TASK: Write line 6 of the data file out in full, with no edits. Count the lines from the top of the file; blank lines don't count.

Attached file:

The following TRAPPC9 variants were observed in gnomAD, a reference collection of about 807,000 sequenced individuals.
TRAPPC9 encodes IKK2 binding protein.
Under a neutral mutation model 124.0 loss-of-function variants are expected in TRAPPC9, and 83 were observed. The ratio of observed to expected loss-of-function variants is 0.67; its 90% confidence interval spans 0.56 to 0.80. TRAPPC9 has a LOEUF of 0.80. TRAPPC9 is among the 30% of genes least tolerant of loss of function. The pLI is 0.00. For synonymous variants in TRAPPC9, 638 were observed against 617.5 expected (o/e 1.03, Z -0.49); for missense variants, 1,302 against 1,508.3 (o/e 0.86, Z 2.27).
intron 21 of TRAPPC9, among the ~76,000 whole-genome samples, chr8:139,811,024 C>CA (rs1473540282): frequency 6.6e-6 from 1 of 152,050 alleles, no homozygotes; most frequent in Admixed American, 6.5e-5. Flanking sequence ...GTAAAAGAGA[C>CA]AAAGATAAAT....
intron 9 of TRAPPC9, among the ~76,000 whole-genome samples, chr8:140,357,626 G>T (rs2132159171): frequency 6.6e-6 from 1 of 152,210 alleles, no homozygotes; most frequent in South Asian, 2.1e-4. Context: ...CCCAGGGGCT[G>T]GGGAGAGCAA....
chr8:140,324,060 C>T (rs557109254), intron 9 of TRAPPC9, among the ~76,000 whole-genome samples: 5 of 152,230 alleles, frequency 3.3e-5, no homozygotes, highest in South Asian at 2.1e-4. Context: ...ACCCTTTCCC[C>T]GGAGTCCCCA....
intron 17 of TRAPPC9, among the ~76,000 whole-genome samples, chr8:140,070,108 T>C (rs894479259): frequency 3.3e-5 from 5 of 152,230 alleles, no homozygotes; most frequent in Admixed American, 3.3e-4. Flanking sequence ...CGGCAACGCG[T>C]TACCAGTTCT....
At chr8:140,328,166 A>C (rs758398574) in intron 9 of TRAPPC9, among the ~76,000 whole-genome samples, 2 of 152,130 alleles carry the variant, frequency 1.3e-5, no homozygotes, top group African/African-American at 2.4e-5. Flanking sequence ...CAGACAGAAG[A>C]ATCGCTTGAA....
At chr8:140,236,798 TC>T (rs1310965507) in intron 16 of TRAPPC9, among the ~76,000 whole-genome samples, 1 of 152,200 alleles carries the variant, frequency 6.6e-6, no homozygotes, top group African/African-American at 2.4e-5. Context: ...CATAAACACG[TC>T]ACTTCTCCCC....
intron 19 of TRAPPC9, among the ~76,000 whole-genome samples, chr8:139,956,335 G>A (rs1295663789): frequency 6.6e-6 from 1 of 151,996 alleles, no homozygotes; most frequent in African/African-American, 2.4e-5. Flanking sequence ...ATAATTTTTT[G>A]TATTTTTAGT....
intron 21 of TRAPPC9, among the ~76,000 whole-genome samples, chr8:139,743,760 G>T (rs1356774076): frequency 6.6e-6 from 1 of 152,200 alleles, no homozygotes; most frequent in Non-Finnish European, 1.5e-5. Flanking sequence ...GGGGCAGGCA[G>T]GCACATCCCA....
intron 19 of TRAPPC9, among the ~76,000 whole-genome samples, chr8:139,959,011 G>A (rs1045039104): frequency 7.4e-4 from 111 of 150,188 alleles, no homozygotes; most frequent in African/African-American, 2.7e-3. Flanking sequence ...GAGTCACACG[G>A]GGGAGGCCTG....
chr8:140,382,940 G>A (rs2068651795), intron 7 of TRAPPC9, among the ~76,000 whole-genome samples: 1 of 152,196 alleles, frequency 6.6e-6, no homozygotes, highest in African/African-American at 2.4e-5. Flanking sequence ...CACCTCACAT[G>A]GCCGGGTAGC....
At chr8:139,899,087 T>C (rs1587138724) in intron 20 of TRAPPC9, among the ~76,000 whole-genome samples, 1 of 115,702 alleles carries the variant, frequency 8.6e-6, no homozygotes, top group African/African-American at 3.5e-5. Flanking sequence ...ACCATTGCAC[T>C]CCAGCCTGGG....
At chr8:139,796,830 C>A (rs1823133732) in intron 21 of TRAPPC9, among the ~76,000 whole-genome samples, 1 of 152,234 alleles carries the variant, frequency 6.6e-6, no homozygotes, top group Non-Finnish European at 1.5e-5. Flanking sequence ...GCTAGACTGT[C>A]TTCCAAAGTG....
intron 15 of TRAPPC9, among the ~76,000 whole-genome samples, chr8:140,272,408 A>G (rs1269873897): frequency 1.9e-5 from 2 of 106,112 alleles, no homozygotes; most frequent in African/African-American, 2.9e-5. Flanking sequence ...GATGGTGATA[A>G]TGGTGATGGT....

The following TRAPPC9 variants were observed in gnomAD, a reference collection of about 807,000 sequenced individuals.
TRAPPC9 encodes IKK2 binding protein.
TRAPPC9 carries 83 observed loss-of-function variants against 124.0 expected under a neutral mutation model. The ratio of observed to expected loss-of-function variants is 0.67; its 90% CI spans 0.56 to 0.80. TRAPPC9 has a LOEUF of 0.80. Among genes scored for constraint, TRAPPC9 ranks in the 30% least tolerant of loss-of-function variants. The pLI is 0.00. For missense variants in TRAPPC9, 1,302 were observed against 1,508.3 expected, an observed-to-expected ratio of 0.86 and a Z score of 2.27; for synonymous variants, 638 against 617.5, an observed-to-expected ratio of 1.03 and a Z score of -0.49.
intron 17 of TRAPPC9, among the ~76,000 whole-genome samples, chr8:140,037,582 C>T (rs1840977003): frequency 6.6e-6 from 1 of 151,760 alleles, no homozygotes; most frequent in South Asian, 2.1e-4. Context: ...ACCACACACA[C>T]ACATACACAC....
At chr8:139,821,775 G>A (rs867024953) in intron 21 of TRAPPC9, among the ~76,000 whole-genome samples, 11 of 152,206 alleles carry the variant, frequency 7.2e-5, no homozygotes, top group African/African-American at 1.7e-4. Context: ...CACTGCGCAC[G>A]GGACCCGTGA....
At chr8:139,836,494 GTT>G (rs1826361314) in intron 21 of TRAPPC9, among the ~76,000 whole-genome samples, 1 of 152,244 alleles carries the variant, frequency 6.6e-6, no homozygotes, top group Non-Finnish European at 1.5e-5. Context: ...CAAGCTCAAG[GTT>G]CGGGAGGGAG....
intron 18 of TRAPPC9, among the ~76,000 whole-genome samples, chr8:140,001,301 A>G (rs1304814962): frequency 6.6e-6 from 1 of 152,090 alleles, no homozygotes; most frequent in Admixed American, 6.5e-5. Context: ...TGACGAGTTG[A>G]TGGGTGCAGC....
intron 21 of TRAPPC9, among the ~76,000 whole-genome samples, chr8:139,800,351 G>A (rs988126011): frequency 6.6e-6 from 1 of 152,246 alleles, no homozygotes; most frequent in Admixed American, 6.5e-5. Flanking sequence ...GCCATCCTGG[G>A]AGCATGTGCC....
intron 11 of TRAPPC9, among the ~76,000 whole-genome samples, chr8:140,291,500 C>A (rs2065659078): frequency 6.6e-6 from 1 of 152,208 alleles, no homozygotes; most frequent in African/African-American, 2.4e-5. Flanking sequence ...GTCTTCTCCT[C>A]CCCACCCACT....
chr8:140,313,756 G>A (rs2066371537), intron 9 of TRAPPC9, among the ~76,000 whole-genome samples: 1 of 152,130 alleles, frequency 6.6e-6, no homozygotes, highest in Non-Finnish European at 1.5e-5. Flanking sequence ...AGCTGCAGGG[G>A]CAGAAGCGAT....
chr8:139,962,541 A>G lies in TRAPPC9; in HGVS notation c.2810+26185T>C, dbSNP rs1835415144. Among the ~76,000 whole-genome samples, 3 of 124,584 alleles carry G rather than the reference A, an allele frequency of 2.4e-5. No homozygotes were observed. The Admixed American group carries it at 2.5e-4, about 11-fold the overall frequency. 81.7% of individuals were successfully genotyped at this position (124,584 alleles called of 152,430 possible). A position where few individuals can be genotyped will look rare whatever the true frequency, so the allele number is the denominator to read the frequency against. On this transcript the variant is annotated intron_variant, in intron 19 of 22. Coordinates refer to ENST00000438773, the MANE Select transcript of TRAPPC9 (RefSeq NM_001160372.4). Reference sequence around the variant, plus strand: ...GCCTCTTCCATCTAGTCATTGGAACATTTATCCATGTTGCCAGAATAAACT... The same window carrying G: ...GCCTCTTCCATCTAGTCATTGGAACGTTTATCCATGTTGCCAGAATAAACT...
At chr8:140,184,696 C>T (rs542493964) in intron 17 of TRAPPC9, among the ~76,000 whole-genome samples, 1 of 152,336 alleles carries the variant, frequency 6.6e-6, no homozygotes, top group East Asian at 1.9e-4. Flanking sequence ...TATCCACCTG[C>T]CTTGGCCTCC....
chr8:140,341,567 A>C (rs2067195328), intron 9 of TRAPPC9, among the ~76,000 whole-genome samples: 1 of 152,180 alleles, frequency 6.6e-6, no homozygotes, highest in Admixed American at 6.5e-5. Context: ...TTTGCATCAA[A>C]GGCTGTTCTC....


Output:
chr8:140,324,060 C>T (rs557109254), intron 9 of TRAPPC9, among the ~76,000 whole-genome samples: 5 of 152,230 alleles, frequency 3.3e-5, no homozygotes, highest in South Asian at 2.1e-4. Context: ...ACCCTTTCCC[C>T]GGAGTCCCCA....